I still remember my first paper as an undergraduate. I don’t recall the question or the topic (it was something in European history), but I remember getting it back from the TA. There was scribbling all over the sides. There were phrases I could not make out. The letters “PV” seemed everywhere. Then at the end, there was a paragraph I could barely decipher and then in clear, large print “B-”. This was not an auspicious beginning to my career as a scholar. My father recommended that I consider math, since I was doing quite well in Calculus.
I learned a lot from that TA – not by what she did right, but by everything she did wrong (and I found that this was the standard way to grade among most historians). I had no idea why I received a B-. I could not understand her writing. I did not understand the shorthand. PV could have meant “poor verbs” to me. I would have never figured out “passive voice” on my own or why that was a problem. So Strunk and White's words to writers, "be clear," I think equally applies to professors evaluating the essays.
Here is the solution, as I see it. First, I provide the grading rubric with the assignment. My students are currently working on their first essays (ahem … are currently working on it student blog readers!). From the first day, they knew the categories I was looking for:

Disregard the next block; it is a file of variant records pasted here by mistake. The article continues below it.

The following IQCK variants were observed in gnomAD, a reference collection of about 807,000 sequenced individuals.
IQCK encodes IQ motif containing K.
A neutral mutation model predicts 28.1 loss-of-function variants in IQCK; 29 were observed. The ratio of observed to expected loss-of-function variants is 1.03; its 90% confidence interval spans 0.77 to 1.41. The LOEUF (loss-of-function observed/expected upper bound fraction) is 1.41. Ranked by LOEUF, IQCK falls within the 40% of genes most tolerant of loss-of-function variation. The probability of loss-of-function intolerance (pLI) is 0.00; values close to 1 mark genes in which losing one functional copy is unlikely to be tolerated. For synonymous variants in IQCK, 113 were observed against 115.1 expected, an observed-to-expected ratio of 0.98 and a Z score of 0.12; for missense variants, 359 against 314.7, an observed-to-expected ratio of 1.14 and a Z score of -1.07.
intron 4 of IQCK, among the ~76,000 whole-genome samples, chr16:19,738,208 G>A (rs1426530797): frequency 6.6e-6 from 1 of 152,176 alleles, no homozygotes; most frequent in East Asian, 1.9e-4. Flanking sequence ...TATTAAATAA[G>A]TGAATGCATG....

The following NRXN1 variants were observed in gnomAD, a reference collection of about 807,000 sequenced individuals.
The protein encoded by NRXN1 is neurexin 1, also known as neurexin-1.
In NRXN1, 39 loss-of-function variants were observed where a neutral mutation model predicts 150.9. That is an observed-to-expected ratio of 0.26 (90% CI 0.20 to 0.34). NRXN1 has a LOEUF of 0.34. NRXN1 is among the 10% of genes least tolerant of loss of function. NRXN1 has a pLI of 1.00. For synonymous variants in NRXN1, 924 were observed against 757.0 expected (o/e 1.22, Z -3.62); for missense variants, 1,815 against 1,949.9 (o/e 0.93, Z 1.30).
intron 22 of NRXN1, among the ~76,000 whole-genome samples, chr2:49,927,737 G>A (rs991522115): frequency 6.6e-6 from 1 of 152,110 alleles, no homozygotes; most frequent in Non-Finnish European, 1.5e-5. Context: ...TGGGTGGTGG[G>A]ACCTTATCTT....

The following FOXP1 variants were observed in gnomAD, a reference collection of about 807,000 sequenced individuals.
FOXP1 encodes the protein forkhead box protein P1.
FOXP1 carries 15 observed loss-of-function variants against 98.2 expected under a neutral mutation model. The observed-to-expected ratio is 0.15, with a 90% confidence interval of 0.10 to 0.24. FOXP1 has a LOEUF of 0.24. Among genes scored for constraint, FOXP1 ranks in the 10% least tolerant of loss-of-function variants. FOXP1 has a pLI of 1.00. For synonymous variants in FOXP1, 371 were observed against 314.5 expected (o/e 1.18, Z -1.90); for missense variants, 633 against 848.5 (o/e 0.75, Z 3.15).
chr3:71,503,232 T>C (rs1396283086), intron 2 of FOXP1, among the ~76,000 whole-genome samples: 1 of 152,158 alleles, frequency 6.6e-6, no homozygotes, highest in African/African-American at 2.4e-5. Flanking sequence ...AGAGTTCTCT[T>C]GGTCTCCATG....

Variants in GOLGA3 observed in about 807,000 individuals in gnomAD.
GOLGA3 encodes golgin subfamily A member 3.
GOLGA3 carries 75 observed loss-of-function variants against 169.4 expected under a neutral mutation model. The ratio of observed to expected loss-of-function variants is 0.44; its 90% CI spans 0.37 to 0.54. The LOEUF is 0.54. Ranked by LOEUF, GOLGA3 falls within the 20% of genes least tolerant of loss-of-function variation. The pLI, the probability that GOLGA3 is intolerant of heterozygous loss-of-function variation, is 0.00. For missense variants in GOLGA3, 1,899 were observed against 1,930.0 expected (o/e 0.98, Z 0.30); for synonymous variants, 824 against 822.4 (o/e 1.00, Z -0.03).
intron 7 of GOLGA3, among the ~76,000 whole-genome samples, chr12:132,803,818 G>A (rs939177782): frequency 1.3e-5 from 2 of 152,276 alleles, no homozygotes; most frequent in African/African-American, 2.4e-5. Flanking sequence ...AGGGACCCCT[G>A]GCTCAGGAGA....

- · Introduction clarity
- · Thesis clarity
- · Secondary context from lecture and textbook
- · Use of primary documents from Major Problems
- · Analysis of primary documents from Major Problems
- · Overall writing clarity
- · Writing mechanics
- · Appropriate references
Each of these categories receives 0-6 points. And each student receives 2 points for turning the essay in on time (so 50 total points).
Second, when a student receives her paper back, she receives a rubric grid with checks for each category. If the introduction is confusing, then they’ll get a 3 or 2. If they only use 3 or 4 documents from Major Problems, they’ll get a 3 or lower in that category. This way, students know how they are being graded (so they know how to write it). Then, they know how to improve for their next essay (oh, my thesis and introduction were quite low so I need to spend more time there).
Do you have any essay grading tricks that gives students the information they need in a clear, systematic way? Are there other ways you make such a subjective enterprise of grading essays more objective?
Next time (maybe tomorrow), I’ll get to my lecture on the Progressive Era.